George Dyer

(1755 - 1841 / England)

Ode Iv: On The Morning - Poem by George Dyer

Child of the light, fair morning hour,
Who smilest o'er yon purple hill!
I come to woo thy cheering pow'r,
Beside this murm'ring rill.
Nor I alone — a thousand songsters rise
To meet thy dawning, and thy sweets to share;
While ev'ry flow'r that scents the honied air,
Thy milder influence feels, and sheds its brightest dies.

And let me hear some village swain
Whistle in rustic glee along;
Or hear some true love's gentle pain
Breath'd from the milkmaid's song.
Wild are those notes, but sweeter far to me
Than the soft airs borne from Italian groves:
To which the wanton muse and naked loves
Strike the wild lyre, and dance in gamesome glee.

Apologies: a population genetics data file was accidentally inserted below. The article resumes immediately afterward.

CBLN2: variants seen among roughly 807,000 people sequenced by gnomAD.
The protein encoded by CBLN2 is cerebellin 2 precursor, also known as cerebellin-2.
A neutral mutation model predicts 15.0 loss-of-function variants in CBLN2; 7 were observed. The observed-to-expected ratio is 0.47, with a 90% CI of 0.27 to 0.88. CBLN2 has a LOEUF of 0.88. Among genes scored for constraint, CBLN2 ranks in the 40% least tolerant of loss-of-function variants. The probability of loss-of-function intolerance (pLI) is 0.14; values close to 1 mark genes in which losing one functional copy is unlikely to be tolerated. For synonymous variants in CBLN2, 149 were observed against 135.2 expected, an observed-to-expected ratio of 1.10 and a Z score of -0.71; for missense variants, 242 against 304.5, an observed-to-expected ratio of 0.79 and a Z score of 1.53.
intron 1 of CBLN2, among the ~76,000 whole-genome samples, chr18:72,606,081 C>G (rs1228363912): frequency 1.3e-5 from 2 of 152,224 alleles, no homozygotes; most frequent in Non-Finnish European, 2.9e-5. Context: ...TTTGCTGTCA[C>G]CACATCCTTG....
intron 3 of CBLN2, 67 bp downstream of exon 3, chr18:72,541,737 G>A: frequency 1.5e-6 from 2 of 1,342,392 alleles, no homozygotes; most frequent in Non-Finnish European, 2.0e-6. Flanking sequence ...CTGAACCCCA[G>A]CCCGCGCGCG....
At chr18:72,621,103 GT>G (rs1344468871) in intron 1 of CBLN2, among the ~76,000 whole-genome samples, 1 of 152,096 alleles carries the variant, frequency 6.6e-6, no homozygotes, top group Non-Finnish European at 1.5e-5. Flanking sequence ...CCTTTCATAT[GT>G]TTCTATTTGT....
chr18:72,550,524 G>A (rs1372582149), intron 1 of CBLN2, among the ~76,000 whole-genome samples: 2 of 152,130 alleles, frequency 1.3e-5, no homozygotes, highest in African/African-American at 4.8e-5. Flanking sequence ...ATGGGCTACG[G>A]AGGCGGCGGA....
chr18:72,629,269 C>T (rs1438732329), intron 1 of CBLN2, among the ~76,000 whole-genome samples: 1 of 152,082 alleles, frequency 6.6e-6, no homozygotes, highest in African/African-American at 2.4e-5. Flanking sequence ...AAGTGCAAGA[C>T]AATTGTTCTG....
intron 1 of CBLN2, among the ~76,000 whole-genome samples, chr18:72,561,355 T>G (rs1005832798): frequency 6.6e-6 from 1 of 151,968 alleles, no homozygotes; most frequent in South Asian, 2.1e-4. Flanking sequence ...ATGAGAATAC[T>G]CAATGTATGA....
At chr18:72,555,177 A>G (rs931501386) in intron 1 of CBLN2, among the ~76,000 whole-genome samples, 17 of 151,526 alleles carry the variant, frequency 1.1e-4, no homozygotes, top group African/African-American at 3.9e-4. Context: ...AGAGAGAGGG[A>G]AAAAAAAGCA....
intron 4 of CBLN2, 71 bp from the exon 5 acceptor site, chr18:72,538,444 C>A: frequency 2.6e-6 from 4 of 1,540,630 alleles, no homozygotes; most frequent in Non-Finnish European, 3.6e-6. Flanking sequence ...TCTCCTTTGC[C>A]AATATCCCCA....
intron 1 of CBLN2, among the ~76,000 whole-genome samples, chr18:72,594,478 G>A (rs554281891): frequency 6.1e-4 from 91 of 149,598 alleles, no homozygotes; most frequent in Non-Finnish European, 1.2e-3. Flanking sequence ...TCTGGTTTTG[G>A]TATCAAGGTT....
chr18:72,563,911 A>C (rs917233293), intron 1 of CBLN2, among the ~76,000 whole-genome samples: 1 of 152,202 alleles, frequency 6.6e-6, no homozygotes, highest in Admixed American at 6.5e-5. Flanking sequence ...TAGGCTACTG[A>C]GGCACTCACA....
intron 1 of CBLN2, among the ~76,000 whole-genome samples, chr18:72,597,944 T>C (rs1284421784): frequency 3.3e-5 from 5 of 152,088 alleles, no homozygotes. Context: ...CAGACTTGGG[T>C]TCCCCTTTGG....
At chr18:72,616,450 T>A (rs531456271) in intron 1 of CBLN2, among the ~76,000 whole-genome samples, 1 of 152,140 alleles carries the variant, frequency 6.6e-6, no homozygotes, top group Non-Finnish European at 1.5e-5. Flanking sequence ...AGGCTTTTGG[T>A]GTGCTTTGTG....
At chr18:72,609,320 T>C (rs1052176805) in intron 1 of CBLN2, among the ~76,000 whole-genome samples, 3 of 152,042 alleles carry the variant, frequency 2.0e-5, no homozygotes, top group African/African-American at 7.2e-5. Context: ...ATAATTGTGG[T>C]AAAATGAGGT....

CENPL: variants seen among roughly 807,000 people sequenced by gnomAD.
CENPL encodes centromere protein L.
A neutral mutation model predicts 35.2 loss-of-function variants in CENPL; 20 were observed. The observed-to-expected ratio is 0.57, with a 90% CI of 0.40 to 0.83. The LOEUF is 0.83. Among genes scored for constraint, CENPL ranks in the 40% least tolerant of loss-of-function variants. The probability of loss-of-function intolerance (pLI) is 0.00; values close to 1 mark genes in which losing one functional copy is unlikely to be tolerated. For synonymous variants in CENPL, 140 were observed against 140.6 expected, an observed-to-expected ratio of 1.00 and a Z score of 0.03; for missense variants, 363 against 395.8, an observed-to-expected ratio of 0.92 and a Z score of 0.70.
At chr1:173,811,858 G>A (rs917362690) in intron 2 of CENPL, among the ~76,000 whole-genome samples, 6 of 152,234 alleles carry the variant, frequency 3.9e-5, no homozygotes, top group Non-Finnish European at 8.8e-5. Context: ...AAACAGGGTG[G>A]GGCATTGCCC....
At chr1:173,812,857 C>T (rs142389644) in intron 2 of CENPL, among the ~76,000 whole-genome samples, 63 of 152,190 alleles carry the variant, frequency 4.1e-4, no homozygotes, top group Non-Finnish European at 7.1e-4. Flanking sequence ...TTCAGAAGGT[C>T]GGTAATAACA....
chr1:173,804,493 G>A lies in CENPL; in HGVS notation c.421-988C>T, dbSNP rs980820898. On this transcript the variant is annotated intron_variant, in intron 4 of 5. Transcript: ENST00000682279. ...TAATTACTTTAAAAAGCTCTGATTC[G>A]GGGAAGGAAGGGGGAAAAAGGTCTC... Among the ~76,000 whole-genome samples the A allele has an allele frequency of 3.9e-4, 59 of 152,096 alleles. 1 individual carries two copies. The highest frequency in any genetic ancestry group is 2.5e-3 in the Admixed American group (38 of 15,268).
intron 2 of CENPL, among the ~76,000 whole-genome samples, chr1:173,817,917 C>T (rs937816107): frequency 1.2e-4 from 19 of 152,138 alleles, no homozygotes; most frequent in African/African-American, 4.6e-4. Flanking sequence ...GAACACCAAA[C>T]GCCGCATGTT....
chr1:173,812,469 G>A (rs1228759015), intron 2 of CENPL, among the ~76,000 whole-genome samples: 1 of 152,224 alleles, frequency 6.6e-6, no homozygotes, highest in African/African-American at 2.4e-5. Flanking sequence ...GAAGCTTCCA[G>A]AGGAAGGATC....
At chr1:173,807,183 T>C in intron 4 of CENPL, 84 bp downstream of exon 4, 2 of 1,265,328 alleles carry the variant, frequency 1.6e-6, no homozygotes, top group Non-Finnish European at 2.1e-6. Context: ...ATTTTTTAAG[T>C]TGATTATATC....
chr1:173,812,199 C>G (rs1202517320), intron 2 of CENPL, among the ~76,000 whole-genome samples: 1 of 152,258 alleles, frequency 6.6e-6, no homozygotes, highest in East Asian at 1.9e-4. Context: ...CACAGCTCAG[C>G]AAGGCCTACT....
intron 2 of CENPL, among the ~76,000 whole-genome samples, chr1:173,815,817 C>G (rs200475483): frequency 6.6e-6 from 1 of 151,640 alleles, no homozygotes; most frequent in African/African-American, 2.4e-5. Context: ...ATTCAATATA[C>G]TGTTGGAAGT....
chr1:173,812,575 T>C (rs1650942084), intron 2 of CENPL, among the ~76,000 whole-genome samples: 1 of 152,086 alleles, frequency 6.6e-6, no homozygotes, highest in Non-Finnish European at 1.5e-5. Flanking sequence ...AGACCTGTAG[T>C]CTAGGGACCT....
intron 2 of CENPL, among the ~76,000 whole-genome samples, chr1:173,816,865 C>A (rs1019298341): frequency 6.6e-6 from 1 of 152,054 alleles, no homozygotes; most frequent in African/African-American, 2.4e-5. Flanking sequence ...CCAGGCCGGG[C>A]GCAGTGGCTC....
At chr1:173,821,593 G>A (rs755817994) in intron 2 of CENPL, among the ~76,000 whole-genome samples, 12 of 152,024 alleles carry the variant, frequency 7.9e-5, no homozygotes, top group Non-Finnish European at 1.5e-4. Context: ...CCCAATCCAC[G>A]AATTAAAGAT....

And rosy health, for whom so long
Mid sleepless nights I've sigh'd in vain,
Shall throw her airy vestment on,
And meet me on the plain.
Gay laughing nymph, that loves a morning sky;
That loves to trip across the spangled dews;
And with her finger dipp'd in brightest hues,
My faint cheek shall she tinge, and cheer my languid eye.

Then will I taste the morn's sweet hour,
And, singing, bless the new-born day;
Or, wand'ring in Amanda's bow'r,
Rifle the sweets of May:
And to my song Amanda shall attend,
And take the posie from the sylvan muse;
For sure the virtuous fair will not refuse
The muse's modest gifts, her tribute to a friend.


Comments about Ode Iv: On The Morning by George Dyer

There is no comment submitted by members..



Read this poem in other languages

This poem has not been translated into any other language yet.

I would like to translate this poem »

word flags

What do you think this poem is about?



Poem Submitted: Monday, April 9, 2012



[Report Error]